Restrictions on cover for occupational disease
The definition of ‘injury’ has been amended so that a disease is only covered if the employment was the main contributing factor to contracting the disease or the aggravation, acceleration, exacerbation or deterioration of the disease.
This will arguably lead to a large group of injured workers no longer eligible to make claims and will also lead to potential disputes. Similar to journey claims, the testing of these disputes will be limited as a result of the legal cost financial burden placed on injured workers when appearing before the Commission.
Partner’s claims for nervous shock abolished
There is no longer a right for relatives of workers killed or injured at work to claim nervous shock. Claims for nervous shock can be made if it is a work injury; however claims by relatives are defined as not being work injuries.
Return to work
Obligations on the injured worker to return to work have been increased and expanded. They must make reasonable efforts to return to employment or pre-injury employment at their place of employment or another place of employment. A reasonable effort is defined to include waiting for workplace rehabilitation to commence or waiting for a response to a request for suitable employment.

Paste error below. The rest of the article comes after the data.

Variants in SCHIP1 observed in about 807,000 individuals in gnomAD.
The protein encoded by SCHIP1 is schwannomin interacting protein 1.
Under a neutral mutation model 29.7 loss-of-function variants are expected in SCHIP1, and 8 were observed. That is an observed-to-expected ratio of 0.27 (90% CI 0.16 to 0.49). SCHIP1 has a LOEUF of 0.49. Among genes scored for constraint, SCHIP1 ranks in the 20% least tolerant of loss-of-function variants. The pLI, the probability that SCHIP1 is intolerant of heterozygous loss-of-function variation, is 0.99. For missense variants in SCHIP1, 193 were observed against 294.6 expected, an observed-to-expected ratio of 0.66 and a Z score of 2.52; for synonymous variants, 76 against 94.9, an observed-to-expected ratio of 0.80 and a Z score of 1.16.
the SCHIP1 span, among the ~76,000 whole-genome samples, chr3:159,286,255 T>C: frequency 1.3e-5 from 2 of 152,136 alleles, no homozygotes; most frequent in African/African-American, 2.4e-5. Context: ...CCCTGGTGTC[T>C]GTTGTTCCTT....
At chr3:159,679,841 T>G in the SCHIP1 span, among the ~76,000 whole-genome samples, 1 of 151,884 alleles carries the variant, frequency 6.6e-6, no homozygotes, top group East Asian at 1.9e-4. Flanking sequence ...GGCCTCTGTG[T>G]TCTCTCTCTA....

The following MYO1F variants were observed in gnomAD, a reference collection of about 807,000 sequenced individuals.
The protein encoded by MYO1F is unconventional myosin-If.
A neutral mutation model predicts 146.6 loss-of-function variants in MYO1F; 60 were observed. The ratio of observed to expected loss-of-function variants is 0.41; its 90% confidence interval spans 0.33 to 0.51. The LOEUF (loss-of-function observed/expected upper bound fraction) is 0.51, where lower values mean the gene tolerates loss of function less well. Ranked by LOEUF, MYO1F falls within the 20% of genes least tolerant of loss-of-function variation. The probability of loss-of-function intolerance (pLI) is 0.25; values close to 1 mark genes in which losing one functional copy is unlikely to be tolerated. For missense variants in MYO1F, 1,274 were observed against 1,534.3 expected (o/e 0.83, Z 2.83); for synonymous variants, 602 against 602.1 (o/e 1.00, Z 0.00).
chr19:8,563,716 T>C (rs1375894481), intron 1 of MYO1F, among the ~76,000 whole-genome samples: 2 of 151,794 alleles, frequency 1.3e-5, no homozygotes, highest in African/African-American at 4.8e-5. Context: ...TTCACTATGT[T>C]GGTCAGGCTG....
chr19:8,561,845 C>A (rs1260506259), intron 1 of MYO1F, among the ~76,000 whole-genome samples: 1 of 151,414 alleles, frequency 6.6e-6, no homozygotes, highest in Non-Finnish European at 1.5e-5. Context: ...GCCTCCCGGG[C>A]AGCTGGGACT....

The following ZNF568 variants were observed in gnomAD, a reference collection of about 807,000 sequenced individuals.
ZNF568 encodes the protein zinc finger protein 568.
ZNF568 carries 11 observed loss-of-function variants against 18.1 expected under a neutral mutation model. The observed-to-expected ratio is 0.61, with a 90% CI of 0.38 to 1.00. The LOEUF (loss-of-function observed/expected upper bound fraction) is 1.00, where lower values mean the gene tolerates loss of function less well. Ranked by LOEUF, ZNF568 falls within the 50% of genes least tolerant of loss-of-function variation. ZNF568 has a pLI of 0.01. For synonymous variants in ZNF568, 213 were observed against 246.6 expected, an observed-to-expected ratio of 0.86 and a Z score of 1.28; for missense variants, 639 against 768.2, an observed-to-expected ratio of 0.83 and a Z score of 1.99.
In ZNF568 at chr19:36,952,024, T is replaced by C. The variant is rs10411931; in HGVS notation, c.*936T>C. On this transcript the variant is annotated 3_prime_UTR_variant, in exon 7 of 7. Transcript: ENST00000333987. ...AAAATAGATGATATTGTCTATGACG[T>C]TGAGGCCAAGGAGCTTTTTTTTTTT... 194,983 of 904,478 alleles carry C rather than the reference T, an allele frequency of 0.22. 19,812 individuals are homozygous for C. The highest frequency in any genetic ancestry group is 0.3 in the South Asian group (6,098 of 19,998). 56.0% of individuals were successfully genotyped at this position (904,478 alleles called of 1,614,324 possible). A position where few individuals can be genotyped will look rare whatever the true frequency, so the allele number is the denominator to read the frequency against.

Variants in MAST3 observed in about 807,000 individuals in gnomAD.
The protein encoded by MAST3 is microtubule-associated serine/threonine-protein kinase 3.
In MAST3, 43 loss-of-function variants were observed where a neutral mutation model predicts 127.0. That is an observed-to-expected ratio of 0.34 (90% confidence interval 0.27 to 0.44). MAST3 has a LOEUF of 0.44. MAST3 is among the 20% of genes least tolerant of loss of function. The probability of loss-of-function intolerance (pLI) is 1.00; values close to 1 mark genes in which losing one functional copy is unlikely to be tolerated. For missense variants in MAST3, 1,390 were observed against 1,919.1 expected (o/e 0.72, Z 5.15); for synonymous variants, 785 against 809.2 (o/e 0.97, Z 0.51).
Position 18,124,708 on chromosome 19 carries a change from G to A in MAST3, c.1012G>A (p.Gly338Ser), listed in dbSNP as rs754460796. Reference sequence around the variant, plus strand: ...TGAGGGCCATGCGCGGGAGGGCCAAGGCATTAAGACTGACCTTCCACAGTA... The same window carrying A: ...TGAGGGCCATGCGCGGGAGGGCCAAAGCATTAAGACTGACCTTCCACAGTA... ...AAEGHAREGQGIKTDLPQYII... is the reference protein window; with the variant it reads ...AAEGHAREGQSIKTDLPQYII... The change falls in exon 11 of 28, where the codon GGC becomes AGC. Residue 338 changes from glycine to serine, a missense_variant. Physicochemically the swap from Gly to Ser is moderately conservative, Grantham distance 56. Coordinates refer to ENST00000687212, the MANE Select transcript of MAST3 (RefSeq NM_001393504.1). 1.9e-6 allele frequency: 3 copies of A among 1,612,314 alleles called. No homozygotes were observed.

If the injured worker does not comply, the insurer may suspend, terminate or cease and determine weekly payments.
If the employer does not comply with their obligation to provide suitable work, they may receive a maximum of 50 penalty units. An employer can be issued an improvement notice by an inspector for contravening their return to work obligations. If the employer issued the improvement notice does not comply, they may receive a maximum of 100 penalty units.
The amendments do not apply to police officers, paramedics, firefighters, coalminers or someone covered by the Workers Compensation (Bush Fire, Emergency and Rescue Services) Act 1987.
A review will take place 2 years from the assent of the amending Act. This review will seek to determine whether the Act has achieved its policy objectives. If the Minister determines on actuarial advice that the scheme is projected to return to surplus before the end of the two years, a review is to be undertaken as soon as possible after the projected date.